Canadian Manufacturing

Larger Bombardier CSeries set for first flight this month

Larger of two new CSeries aircraft set to begin test flights in Quebec before end of February after months-long delays

MONTREAL—After enduring weeks of questions about its future, Bombardier Inc. disclosed that its new equity offering has proven popular with investors and that the larger model of its new CSeries passenger jet is about a week away from a first test flight.

The first CS300 test plane is expected to take off from an airport in Mirabel, Que., north of Montreal, sometime between Feb. 26 and Feb. 28, depending on weather.

Bombardier has been focusing much of its resources on getting the CSeries launched following years of planning and development.

Last week, the company revised the program’s estimated cost to US$5.4 billion, up from US$4.23 billion a year ago, following a four-month delay in aircraft flight tests because of an engine failure.

The Montreal-based aerospace and rail equipment company said that it now expects to raise $938 million from an equity offering—up from the previous estimate of $750 million.

That total could rise to $1.08 billion if underwriters exercise an over-allotment option.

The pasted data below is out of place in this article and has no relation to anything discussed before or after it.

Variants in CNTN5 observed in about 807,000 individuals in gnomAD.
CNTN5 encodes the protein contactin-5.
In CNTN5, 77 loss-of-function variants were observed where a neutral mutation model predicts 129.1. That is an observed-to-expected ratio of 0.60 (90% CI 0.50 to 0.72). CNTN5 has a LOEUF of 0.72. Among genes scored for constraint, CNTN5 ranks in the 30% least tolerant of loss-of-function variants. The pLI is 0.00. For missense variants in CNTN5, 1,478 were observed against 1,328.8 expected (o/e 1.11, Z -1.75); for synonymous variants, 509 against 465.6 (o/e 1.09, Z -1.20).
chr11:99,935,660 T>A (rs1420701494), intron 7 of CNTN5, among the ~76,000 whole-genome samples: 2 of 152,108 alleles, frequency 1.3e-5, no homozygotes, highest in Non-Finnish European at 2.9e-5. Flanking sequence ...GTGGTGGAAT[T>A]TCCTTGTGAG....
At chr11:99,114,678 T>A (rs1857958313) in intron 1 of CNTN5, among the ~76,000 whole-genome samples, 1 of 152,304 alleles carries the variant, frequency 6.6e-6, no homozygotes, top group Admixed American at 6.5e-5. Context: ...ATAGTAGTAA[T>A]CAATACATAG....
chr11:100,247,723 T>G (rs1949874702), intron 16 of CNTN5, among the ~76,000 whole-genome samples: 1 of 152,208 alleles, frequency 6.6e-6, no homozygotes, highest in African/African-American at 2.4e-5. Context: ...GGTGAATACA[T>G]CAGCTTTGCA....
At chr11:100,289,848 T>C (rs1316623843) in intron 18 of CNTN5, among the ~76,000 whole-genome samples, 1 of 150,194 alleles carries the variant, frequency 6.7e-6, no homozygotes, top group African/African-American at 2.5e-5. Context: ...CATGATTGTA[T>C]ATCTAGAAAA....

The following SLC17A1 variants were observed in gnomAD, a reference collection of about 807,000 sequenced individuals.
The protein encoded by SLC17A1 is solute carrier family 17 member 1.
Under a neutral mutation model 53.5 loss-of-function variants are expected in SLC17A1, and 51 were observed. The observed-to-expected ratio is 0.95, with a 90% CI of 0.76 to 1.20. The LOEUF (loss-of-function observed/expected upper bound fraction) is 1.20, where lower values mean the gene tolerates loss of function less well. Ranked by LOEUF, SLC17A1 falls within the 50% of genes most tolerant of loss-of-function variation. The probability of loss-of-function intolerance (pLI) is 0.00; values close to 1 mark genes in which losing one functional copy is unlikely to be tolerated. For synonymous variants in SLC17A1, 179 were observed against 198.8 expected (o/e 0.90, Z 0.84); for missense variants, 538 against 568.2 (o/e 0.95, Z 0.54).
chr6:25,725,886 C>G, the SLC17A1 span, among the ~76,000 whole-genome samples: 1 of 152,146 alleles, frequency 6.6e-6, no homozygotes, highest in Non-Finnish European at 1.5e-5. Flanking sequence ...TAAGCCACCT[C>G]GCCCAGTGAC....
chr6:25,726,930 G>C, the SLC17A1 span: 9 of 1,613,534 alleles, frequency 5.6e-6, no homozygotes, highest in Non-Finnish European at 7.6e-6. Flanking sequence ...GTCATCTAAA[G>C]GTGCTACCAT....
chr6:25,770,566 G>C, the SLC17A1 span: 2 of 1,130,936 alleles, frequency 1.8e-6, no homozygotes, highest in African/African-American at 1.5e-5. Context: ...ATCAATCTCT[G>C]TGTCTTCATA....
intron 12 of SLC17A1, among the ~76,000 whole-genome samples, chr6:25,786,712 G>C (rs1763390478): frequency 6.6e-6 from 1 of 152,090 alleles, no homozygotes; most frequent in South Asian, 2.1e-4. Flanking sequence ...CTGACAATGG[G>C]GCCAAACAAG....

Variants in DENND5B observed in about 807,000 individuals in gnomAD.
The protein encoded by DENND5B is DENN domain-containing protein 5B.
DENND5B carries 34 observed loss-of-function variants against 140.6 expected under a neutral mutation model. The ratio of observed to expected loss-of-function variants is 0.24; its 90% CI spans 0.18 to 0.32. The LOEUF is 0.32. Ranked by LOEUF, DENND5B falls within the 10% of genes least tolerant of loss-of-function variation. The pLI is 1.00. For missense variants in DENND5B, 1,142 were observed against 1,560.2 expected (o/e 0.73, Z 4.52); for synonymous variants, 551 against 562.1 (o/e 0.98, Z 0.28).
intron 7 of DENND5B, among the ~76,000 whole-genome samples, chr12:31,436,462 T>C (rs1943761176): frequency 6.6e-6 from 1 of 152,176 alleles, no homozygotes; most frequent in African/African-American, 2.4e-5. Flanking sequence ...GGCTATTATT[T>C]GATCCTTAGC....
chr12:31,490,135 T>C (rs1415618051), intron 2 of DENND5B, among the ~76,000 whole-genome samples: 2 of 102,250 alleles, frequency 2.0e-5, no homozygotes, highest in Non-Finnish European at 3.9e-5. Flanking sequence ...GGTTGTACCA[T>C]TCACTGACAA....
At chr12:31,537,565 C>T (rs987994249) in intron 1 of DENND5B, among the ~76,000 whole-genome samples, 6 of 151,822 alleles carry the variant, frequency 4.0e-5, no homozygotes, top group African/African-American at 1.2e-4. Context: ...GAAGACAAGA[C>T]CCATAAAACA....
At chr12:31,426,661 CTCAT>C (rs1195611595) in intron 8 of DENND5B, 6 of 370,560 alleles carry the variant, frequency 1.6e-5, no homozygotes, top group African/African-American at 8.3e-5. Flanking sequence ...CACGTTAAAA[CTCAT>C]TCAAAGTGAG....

Under the deal, Bombardier will issue nearly 424.2 million subscription receipts at a price of C$2.21 each through a syndicate of underwriters.

The receipts will be exchanged for Bombardier’s class B shares after the financing gets shareholder approval next month.

The company also plans to raise about US$1.5 billion in debt and has suspended its dividend and shelved development of a new Learjet business jet to conserve cash.

Quebec’s economic development minister said the success of the equity offering demonstrates that there is no need for a government bailout.

“They are not in that kind of situation. Turbulence maybe, but no bailout,” Jacques Daoust told reporters.

Bombardier said it hasn’t asked for any financial help from government and said it has no plans to do so.

Daoust said he’s confident the CSeries will fly and sell.

The 120- to 160-seat aircraft is slated to enter into service in mid-2016, about six months after the smaller CS100, which seats 100 to 125.

The CS300 so far has 180 firm orders, while the CS100, which had its first test flight in September 2013, has 63.

Even with the success of Bombardier’s efforts to raise cash through equity sales, questions remain about its ability to launch the CSeries in the face of soft demand and stiff competition.

“The CSeries timeline is tight with high risk of the entry into service schedule slipping, further delaying potential improvement in cash flow and credit ratios and straining liquidity,” Evan Mann of Gimme Credit wrote in a report.

Mann expects Bombardier’s financial challenges to persist longer than anticipated, requiring the issuance of more debt.

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